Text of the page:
Rob’s latest blog sees him visit a project to assist people who are homeless. He lends a hand but finds that he gets more than he gives…
“7th November 2012
It´s a hot early November morning in Sao Paulo, the temperature is a sticky 28 degrees centigrade, and the Christmas trees are already out in force. On the way to Boracéa we drive past `Christmas Toyland´ where an inflatable Santa Claus waves at us from the shop window. I have never felt less festive.
Boracéa is run by APOIO, one of CAFODs main partners in Brazil and is a Welcome Centre. At first we make the mistake of calling it a Homeless Shelter but are quickly corrected. 1000 people a day use Boracéa. It provides accommodation for hundreds of homeless people, but it also has a day centre, library, community garden, laundry, arts room and an industrial size kitchen offering 2000 meals a day. In one week alone they use 1000 kilos of rice per week. And here people, all people, are made welcome.
In the art room paintings of Brazilian rural landscapes, in warm yellows and lush greens cover every wall. At one table a man is making Christmas decorations to sell. I am invited to sit down and help him cut a Christmas tree out of polystyrene and paint it.
Francisco marks the sheets carefully with a ruler and a felt tip pen. Then he shows me how to cut out two shapes using a Stanley knife and then slide them together to make a tree. He indicates that I should imitate what he has done. I am a 47 year old man with a post graduate degree (and an A level in Art grade C). How hard could it be?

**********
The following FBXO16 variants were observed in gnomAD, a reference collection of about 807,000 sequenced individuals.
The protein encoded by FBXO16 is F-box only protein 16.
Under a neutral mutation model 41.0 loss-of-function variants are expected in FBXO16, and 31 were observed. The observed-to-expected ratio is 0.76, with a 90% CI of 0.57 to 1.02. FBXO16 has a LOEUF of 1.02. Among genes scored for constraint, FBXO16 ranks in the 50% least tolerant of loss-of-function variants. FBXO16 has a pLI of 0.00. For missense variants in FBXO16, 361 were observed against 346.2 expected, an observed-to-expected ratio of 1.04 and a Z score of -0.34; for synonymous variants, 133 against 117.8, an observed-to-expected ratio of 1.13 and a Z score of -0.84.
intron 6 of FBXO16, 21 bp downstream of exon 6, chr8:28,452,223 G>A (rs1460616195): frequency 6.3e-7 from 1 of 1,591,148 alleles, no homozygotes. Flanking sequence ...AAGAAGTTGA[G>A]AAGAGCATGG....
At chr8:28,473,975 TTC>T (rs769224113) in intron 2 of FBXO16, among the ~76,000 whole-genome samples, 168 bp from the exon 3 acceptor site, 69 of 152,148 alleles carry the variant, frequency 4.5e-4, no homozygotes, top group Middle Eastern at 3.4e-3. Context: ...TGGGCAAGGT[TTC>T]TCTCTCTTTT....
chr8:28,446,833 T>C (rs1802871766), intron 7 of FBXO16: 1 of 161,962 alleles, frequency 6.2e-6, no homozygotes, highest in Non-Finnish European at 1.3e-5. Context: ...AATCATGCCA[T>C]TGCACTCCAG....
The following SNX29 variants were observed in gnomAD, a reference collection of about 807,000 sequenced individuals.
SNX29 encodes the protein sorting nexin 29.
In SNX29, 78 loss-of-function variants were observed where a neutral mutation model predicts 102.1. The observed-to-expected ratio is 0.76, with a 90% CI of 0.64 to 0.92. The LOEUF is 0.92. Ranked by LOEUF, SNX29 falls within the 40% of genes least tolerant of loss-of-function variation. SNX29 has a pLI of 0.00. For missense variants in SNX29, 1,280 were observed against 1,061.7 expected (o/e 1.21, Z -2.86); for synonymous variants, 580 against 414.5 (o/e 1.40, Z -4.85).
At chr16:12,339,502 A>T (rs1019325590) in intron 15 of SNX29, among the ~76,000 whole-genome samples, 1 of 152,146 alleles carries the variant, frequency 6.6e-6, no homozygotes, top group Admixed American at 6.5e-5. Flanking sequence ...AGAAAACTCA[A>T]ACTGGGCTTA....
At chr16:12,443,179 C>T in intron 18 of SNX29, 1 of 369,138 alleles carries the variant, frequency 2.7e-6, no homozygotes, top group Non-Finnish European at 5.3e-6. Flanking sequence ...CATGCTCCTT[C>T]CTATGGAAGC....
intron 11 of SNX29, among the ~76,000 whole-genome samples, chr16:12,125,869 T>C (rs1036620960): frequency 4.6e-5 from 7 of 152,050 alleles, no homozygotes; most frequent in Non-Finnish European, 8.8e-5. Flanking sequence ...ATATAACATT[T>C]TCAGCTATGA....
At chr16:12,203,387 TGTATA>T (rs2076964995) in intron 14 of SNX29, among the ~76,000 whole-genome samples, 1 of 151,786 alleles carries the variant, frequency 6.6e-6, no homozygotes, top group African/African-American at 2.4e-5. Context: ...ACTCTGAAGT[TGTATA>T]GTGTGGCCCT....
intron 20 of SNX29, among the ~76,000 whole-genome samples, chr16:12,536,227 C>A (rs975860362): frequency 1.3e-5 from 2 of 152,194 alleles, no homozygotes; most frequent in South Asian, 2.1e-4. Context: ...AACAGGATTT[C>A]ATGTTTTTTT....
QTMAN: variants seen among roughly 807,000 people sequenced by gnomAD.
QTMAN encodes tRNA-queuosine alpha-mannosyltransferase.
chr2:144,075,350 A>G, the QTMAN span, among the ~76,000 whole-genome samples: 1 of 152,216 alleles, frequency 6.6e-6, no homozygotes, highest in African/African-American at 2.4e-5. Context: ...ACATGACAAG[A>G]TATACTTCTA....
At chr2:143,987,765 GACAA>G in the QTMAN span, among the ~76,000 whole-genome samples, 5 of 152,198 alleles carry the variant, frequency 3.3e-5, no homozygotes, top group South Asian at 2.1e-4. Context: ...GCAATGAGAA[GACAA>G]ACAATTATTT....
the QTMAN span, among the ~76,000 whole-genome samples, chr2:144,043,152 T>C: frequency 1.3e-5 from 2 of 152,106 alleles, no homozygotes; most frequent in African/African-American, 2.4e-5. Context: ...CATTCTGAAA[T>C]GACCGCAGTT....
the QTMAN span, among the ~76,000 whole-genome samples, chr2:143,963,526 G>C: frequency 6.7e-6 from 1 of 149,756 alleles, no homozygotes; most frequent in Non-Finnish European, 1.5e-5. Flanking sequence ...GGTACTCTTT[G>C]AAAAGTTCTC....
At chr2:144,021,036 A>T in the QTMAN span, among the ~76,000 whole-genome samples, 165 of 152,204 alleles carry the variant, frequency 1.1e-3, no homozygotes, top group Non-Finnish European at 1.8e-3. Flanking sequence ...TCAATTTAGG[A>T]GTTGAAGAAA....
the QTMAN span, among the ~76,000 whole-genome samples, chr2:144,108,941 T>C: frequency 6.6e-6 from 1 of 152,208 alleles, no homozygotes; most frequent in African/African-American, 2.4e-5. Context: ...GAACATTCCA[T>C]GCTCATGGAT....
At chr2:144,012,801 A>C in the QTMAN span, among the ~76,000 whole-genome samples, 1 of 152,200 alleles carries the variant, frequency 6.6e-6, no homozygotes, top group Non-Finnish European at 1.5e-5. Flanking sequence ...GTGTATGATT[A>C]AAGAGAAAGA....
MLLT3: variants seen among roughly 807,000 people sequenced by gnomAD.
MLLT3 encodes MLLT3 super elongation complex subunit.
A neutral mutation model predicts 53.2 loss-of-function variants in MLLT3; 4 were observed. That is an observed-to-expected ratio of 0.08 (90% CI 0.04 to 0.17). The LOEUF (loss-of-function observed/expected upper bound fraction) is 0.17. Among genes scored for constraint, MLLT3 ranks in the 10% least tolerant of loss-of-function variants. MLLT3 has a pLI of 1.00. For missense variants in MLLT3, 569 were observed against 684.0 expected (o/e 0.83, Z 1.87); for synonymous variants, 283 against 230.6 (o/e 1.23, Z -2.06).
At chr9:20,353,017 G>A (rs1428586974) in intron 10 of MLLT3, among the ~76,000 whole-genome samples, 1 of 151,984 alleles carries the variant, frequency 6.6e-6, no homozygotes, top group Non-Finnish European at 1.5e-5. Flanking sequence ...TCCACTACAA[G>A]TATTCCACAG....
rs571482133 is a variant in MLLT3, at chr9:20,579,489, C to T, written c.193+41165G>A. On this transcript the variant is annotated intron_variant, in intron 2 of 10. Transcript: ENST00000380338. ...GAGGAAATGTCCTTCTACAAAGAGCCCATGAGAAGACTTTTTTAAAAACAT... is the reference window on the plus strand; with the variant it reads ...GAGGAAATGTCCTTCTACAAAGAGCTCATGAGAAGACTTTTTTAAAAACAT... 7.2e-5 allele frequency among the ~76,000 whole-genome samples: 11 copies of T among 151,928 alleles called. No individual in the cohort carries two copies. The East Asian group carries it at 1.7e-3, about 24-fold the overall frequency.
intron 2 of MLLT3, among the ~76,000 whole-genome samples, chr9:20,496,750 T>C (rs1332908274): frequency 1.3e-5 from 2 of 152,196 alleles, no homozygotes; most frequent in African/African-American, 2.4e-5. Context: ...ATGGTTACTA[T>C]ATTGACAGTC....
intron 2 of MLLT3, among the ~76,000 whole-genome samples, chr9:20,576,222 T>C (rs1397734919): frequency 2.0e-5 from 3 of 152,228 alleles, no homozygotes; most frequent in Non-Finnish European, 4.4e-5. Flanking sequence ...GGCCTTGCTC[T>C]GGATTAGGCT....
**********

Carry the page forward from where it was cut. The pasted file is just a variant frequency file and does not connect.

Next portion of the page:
Very hard. Even with his gentle but firm intervention, twice, my tree would have been the one still left in the shop on Boxing Day. When it is finished we look at it, leaning at a sorry angle. Francisco smiles kindly at me then leaves me alone with my green paint and wounded pride.
Homelessness is more on our radar at Christmas. As a society we think it wrong that people should spend Christmas Day on their own. A growing number of people volunteer to spend their holidays at soup kitchens and shelters, helping others during this time of peace and joy to the world. This morning I learned that sometimes when we think we are giving, we are actually the ones receiving. I went to Boracéa to see how homeless people are given shelter. What I actually received was a lesson in how to welcome a stranger and how as visitors from England, we can be taught by people ´less fortunate´ than ourselves.
A few minutes later Francisco comes back with a plastic bag. He wraps part of it round his foot and begins to stretch it into long, thin strips like string. I watch for 5 minutes as twists the plastic this way and that until a lattice pattern begins to emerge. Then he shows me what the finished product will look like and I can scarcely believe it. Within days a few plastic bags will be transformed into a beautiful hammock which APOIO can sell to raise money for Boracéa. A homeless man, making a bed for someone else out of recycled plastic bags; much better than any present you could buy in ´Christmas Toyland´.”
Rob is back in the UK, reflecting on his trip and on all that he witnessed. We hope to set up some presentations and we’ll let you know when these are in place.